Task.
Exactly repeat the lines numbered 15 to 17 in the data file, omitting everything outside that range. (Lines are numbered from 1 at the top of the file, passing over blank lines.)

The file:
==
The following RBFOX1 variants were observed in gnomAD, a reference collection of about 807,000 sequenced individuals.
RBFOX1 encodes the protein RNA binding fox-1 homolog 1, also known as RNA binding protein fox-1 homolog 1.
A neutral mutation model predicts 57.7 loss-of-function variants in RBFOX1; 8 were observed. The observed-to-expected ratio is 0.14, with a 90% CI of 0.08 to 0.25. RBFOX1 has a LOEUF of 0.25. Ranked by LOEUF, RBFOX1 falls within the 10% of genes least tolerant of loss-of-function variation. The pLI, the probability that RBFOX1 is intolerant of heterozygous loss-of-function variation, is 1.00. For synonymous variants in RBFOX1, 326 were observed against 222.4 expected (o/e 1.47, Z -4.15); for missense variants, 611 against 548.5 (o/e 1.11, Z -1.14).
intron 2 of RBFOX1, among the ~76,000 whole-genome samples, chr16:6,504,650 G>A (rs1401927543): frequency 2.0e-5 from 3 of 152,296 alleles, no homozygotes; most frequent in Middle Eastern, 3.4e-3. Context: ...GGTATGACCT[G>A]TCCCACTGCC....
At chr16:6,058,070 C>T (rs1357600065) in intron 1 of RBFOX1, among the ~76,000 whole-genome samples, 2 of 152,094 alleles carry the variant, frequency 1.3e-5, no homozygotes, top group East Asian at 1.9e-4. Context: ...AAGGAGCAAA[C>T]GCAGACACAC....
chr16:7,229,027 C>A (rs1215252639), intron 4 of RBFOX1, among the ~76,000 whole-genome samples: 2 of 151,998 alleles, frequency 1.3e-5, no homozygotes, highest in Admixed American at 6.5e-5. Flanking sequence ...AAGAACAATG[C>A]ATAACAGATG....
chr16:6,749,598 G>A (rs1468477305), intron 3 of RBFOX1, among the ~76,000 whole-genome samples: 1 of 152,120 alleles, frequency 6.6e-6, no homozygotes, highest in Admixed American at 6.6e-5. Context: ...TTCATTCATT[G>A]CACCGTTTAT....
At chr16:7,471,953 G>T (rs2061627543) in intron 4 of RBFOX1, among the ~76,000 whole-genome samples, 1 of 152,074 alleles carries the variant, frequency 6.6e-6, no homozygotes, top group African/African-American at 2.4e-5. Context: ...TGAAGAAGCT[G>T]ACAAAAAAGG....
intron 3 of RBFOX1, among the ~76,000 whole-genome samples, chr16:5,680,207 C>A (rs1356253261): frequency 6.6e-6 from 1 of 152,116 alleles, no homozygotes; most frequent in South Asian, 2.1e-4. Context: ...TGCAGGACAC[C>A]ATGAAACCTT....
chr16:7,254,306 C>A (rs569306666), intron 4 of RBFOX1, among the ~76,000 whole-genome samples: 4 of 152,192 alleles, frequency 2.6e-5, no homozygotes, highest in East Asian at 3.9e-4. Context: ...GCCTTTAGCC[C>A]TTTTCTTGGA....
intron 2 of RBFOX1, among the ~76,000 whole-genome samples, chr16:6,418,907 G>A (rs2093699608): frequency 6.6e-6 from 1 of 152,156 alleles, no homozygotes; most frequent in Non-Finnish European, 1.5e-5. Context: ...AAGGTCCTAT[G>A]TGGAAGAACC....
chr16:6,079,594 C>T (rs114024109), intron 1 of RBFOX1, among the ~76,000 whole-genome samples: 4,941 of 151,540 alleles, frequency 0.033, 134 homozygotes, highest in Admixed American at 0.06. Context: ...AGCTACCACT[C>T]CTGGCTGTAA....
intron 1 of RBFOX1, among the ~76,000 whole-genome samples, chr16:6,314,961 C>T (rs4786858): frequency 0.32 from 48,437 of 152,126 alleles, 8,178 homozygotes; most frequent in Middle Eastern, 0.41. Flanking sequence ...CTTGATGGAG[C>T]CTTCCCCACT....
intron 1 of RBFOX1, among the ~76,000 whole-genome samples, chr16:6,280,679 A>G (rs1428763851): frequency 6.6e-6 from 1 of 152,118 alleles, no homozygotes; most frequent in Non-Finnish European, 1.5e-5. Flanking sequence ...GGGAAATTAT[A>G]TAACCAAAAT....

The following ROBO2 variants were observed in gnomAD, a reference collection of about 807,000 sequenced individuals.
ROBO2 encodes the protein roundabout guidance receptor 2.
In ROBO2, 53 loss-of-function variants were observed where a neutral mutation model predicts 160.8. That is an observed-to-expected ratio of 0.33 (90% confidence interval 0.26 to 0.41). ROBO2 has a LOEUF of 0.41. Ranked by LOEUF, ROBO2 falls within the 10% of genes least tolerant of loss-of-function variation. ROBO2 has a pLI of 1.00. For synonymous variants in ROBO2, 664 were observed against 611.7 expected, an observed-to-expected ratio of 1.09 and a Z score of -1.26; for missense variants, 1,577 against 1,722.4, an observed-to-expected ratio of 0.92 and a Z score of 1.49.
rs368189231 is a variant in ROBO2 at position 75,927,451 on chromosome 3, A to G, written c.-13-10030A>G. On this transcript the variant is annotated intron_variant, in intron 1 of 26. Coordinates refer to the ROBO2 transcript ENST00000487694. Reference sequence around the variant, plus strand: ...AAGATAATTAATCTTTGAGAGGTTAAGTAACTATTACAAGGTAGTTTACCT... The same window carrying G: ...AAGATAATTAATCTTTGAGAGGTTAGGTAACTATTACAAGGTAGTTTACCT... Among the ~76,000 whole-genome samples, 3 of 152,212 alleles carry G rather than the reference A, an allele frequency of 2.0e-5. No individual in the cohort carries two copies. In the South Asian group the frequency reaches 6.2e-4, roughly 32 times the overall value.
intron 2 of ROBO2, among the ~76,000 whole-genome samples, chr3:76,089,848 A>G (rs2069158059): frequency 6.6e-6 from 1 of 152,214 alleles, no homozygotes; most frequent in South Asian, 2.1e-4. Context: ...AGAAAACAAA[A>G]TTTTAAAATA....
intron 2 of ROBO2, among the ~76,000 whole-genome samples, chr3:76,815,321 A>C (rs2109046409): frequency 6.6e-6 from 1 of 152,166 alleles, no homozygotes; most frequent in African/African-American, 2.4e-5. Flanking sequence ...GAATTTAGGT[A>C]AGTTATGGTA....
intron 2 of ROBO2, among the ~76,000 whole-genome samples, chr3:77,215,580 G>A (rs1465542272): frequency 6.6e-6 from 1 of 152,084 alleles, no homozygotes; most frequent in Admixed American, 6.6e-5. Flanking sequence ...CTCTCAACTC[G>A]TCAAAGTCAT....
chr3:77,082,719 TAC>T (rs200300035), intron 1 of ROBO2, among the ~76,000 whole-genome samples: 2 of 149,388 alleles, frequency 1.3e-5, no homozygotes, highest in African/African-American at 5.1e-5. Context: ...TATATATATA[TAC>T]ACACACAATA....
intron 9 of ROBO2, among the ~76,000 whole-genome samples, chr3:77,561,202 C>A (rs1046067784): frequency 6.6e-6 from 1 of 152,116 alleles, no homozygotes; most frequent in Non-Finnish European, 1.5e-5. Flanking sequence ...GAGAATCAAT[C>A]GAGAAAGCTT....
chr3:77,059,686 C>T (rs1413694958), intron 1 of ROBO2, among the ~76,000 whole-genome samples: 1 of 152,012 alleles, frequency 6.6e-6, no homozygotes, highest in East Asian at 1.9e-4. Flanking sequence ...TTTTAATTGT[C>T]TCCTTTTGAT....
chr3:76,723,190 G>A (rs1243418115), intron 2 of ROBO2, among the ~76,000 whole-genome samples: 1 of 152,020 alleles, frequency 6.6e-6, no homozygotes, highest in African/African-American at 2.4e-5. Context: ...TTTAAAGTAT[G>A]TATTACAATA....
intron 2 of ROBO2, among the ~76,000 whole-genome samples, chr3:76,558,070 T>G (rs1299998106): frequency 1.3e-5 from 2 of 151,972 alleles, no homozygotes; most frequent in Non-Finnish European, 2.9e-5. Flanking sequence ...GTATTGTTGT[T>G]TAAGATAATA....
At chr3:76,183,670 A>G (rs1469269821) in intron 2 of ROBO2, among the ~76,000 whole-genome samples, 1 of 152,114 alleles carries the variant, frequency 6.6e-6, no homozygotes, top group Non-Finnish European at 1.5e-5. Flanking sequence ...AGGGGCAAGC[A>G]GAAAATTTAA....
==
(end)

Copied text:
The following ROBO2 variants were observed in gnomAD, a reference collection of about 807,000 sequenced individuals.
ROBO2 encodes the protein roundabout guidance receptor 2.
In ROBO2, 53 loss-of-function variants were observed where a neutral mutation model predicts 160.8. That is an observed-to-expected ratio of 0.33 (90% confidence interval 0.26 to 0.41). ROBO2 has a LOEUF of 0.41. Ranked by LOEUF, ROBO2 falls within the 10% of genes least tolerant of loss-of-function variation. ROBO2 has a pLI of 1.00. For synonymous variants in ROBO2, 664 were observed against 611.7 expected, an observed-to-expected ratio of 1.09 and a Z score of -1.26; for missense variants, 1,577 against 1,722.4, an observed-to-expected ratio of 0.92 and a Z score of 1.49.